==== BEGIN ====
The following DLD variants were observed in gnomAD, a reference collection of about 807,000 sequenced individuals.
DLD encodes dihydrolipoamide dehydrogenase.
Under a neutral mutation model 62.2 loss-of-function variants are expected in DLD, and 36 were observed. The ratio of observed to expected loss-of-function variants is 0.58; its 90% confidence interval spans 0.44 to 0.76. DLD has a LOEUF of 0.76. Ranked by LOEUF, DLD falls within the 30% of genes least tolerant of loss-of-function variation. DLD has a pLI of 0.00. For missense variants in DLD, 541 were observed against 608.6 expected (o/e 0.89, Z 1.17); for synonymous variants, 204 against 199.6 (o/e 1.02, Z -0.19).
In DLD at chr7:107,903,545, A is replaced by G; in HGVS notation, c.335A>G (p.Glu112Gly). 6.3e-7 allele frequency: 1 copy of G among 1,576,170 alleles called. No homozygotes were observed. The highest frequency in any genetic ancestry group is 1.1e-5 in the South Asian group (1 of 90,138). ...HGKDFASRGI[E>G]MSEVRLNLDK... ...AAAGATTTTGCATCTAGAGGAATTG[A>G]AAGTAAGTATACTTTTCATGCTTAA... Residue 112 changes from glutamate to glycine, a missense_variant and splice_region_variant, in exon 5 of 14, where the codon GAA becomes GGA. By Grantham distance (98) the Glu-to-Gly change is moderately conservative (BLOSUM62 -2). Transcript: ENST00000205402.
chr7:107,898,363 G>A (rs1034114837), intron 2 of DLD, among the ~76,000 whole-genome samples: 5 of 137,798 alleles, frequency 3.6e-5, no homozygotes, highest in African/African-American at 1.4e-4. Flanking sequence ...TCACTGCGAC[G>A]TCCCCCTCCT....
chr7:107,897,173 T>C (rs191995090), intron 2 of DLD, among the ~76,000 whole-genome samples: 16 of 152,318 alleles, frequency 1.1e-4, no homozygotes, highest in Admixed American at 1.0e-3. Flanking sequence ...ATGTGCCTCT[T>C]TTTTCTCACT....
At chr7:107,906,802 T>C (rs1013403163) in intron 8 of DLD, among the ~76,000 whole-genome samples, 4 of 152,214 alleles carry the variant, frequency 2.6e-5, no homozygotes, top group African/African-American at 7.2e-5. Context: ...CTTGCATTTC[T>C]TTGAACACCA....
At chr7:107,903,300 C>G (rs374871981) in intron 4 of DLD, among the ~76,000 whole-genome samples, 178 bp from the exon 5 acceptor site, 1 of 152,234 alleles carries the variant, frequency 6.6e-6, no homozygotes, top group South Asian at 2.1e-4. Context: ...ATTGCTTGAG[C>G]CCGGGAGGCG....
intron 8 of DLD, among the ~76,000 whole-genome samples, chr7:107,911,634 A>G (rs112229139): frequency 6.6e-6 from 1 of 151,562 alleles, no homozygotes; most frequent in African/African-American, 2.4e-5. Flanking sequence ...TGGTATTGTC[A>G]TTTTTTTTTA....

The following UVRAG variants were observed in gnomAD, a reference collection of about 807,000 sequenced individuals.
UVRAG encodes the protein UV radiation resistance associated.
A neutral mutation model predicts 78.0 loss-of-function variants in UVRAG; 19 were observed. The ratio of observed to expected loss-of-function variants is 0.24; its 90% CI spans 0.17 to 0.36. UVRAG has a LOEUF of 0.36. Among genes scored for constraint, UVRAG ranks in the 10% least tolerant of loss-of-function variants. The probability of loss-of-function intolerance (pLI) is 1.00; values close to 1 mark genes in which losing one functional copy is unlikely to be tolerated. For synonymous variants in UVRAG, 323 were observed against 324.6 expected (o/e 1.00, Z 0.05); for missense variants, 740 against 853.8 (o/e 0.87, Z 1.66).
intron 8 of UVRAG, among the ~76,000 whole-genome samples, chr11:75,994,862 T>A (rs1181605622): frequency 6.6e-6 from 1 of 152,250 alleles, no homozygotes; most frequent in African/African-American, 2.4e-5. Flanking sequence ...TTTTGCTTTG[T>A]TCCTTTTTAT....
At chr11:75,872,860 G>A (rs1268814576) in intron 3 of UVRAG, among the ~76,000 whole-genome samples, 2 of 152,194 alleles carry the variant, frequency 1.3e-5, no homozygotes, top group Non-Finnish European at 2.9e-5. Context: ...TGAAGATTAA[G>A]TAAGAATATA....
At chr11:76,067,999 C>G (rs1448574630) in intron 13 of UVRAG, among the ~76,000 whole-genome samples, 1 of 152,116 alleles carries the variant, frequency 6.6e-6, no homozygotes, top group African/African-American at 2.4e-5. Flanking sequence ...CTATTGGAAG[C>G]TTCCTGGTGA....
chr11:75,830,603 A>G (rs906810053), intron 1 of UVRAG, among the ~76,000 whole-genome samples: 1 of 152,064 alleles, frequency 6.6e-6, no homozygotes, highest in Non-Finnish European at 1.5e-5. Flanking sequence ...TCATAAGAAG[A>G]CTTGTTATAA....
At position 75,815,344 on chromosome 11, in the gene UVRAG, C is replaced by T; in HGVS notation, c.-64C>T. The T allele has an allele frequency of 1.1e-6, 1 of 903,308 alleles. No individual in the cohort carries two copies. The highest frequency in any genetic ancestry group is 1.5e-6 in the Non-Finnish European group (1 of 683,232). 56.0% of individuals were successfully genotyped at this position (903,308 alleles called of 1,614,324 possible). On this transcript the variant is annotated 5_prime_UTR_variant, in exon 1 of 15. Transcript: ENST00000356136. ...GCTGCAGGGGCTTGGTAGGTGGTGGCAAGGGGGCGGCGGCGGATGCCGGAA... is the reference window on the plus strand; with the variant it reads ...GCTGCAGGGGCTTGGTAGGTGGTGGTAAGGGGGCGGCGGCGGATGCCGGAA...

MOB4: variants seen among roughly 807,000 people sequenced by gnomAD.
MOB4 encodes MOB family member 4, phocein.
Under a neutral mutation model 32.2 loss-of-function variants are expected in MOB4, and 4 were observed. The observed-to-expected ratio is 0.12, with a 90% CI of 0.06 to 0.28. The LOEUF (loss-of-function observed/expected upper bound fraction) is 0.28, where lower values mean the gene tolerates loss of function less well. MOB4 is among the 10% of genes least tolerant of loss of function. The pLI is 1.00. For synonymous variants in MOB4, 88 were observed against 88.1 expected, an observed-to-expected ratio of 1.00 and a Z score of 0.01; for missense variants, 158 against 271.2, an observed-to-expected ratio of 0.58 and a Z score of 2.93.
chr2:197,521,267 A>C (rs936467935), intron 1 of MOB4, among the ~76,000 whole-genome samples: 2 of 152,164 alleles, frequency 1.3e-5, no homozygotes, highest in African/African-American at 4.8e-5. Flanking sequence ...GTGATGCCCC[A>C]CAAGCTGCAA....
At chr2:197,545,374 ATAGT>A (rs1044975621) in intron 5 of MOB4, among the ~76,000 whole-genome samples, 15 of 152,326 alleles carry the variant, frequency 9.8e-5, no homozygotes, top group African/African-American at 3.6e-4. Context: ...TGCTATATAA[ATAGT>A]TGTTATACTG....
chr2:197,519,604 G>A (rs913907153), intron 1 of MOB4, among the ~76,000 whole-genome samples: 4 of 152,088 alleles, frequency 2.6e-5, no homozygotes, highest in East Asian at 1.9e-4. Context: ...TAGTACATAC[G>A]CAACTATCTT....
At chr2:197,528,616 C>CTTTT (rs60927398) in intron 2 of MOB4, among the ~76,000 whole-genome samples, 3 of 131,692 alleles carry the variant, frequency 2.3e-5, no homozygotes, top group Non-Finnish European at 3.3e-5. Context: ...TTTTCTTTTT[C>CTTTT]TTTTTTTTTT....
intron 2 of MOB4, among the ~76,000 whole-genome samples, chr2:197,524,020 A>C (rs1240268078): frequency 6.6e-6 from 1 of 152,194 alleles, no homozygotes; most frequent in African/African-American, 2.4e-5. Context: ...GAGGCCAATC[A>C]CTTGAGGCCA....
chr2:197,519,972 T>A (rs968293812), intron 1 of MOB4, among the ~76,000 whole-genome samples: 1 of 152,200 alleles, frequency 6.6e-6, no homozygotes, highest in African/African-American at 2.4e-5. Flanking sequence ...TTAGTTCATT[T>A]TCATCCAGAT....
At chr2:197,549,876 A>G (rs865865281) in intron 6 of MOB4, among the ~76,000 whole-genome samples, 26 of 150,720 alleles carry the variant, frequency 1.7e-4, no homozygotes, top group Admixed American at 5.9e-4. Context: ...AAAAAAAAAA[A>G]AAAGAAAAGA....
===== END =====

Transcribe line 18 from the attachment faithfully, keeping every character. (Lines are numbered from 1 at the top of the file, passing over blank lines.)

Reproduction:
MOB4: variants seen among roughly 807,000 people sequenced by gnomAD.